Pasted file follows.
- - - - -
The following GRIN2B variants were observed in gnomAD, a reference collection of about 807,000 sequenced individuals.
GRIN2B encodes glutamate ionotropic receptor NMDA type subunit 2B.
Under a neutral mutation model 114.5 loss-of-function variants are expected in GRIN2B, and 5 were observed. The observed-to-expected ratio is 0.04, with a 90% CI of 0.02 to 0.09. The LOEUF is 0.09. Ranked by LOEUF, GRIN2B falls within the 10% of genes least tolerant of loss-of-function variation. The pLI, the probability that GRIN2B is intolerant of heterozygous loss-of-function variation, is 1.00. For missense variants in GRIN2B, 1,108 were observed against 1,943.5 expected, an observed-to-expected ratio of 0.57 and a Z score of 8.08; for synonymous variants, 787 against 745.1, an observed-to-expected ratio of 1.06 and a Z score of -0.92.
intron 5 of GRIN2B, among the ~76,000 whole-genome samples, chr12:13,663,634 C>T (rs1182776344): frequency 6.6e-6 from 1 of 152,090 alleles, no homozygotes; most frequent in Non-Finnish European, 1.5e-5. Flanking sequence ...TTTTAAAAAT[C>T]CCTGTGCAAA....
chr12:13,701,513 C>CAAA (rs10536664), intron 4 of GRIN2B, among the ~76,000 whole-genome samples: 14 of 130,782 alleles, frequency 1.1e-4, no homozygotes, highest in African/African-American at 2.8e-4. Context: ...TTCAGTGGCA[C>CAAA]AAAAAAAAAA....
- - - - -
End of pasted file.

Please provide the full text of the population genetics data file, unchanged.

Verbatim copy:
The following GRIN2B variants were observed in gnomAD, a reference collection of about 807,000 sequenced individuals.
GRIN2B encodes glutamate ionotropic receptor NMDA type subunit 2B.
Under a neutral mutation model 114.5 loss-of-function variants are expected in GRIN2B, and 5 were observed. The observed-to-expected ratio is 0.04, with a 90% CI of 0.02 to 0.09. The LOEUF is 0.09. Ranked by LOEUF, GRIN2B falls within the 10% of genes least tolerant of loss-of-function variation. The pLI, the probability that GRIN2B is intolerant of heterozygous loss-of-function variation, is 1.00. For missense variants in GRIN2B, 1,108 were observed against 1,943.5 expected, an observed-to-expected ratio of 0.57 and a Z score of 8.08; for synonymous variants, 787 against 745.1, an observed-to-expected ratio of 1.06 and a Z score of -0.92.
intron 5 of GRIN2B, among the ~76,000 whole-genome samples, chr12:13,663,634 C>T (rs1182776344): frequency 6.6e-6 from 1 of 152,090 alleles, no homozygotes; most frequent in Non-Finnish European, 1.5e-5. Flanking sequence ...TTTTAAAAAT[C>T]CCTGTGCAAA....
chr12:13,701,513 C>CAAA (rs10536664), intron 4 of GRIN2B, among the ~76,000 whole-genome samples: 14 of 130,782 alleles, frequency 1.1e-4, no homozygotes, highest in African/African-American at 2.8e-4. Context: ...TTCAGTGGCA[C>CAAA]AAAAAAAAAA....